The past decade has seen a rapid increase in the number of EP/Albums being released by independent bands in India, there were over 50 last year according to NH7.in. A basic problem for bands is getting their music heard and distributed; there have been many platforms, soundclick (does anyone still use it?) Myspace and reverbnation that have been around for a while; bandcamp and soundcloud are relatively newer. Bands in the past used to post their mp3s online for free. “No one will pay for Mp3s ” is a common statement I have heard by band members. However things are slowly changing, in the past few months, a few platforms have emerged in India that offer paid downloads.

music fellas Music Fellas is described as a “social, music discovery platform helping people have great experiences and meaningful conversations around music they love.” The platform was started by 3 techies from IIT Roorkee and BITS Pilani who are also music lovers, Mayank Jain, Shubhranshu Jain and Gaurav Shahlot. Currently it is invite only. Visit http://www.musicfellas.com to get your invite

 

nh7-flyte-banner

NH7.in, the music streaming and discovery platform tied-up with the Indian e-commerce Flipkart.com to launch digital music downloads featuring independent music, via Flipkart’s Flyte digital store. The store currently features over albums/EPs from over 50 artists ranging from folk rockers Swarathma to hardcore band Scribe. The singles are priced between Rs. 6 – Rs. 15 for singles and Rs. 20 – 150 for albums. You can download the songs up to 4 times. Visit http://nh7.in/musicstore for more information.

ok-listen-logo

Ok Listen! was started after Vijay Basrur could realised that he could not buy Mp3s of a Indian rock band. He has over 16 years of experience working in companies like Baazee.com and Quikr. The platform currently features mainly folk and rock artists like Raghu Dixit Project, Indian Ocean and Parvaaz. The prices for singles range from Rs. 10 to Rs. 25 and albums from Rs. 60 to Rs.200. They is no limit on the number of times you can download the songs. The platform is pro musician as they receive 70% of the net sales. Visit http://oklisten.com for more information.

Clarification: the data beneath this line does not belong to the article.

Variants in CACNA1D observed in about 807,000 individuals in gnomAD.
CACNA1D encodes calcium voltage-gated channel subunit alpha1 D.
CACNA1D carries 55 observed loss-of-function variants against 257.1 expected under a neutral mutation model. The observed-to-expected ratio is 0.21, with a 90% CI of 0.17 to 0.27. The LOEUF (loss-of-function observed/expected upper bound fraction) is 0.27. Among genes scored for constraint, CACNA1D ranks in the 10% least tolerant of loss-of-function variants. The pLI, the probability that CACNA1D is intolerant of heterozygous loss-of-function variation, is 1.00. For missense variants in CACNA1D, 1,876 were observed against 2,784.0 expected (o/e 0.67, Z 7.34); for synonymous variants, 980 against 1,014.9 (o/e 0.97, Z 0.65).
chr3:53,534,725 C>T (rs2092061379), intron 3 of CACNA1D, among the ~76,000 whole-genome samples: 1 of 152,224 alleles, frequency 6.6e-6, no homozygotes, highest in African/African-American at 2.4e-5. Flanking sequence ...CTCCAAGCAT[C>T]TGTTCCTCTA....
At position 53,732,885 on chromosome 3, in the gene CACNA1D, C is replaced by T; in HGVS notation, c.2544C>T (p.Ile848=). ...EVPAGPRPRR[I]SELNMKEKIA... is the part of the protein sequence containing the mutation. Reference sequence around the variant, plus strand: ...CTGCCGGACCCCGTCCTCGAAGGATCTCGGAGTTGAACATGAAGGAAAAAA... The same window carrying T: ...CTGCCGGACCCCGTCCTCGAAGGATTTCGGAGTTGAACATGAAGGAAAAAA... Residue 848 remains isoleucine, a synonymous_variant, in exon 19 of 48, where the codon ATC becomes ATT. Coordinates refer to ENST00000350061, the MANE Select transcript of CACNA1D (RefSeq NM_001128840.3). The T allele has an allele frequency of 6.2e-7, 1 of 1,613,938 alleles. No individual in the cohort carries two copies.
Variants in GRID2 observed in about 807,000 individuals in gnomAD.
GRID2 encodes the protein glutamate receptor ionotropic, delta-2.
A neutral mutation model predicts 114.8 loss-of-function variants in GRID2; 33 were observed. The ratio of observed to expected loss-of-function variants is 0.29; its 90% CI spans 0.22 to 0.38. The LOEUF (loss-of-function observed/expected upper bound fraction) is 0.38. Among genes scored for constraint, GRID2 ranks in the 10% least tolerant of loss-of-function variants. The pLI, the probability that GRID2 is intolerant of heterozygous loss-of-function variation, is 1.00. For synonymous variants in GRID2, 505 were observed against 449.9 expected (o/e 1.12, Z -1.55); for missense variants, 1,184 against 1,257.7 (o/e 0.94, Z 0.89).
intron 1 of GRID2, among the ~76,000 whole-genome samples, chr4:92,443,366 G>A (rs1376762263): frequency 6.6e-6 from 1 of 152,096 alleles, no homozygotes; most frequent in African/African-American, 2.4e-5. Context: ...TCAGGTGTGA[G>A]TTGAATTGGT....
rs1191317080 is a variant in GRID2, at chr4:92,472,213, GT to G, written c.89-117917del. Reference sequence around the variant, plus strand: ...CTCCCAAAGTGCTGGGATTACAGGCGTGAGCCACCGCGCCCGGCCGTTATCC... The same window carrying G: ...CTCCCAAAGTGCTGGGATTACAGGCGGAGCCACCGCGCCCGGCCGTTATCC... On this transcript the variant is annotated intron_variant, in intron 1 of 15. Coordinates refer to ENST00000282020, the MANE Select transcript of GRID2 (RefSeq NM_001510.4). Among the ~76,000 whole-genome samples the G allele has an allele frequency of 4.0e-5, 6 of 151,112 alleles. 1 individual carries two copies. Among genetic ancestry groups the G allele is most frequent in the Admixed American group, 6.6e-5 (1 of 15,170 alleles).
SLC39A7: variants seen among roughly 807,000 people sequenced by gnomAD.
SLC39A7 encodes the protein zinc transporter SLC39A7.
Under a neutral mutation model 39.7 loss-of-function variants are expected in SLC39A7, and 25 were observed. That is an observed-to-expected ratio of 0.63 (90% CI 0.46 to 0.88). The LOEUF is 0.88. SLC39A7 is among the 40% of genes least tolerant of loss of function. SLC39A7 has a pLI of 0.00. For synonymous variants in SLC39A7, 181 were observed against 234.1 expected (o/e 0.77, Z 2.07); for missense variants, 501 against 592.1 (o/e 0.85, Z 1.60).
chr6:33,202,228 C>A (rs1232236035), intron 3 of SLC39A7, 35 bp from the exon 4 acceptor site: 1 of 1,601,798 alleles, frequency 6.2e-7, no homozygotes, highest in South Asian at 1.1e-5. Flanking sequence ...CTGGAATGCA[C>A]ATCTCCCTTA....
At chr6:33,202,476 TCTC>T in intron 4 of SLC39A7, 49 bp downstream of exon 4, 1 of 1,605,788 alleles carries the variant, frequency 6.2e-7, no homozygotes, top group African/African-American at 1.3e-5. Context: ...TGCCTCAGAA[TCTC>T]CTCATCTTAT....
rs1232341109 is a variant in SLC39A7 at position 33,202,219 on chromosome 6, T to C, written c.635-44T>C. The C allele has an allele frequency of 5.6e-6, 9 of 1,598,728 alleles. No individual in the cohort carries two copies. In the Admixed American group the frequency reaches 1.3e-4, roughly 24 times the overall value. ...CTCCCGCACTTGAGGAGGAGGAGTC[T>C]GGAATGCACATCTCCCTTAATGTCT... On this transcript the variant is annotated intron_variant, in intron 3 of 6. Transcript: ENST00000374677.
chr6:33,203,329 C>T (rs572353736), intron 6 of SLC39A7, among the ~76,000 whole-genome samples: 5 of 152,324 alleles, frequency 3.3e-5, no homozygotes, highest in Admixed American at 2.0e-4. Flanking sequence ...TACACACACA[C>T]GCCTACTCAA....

tagmuse-logo

Tagmuse describe itself as “A double-octave space for independent artists to perform, connect, amplify and inspire the rest of humanity. Creating a launch pad for all musicians irrespective of race, language, ability, style, or genre. We appreciate it all.” They will be launching in another month or so. Sign up on http://tagmuse.com and stay updated.

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October 23, 2016 at 1:04 pm

Interview: India’s Thrash Metal Powerhouse Kryptos

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Nine Circles

kryptos

With just over 2 months to go for the end of the year, there’s been another killer release from the Indian metal scene; Burn up the night by heavy metal band Kryptos. The band are one of the oldest surviving metal bands in India. Over the past 18 years they have released 3 albums.

Burn up the Night released through AFM Records features a straight up 80’s heavy metal sound which will appeal particularly to “old school” metal fans. I enjoyed the album as the songwriting and production contrasts with the sterile sounds of upcoming bands

I (Peter ‘Trendcrusher‘ K.) spoke to vocalist/guitarist Nolan Lewis about their change in sound, music videos and their recent European tour.

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October 12, 2016 at 11:22 pm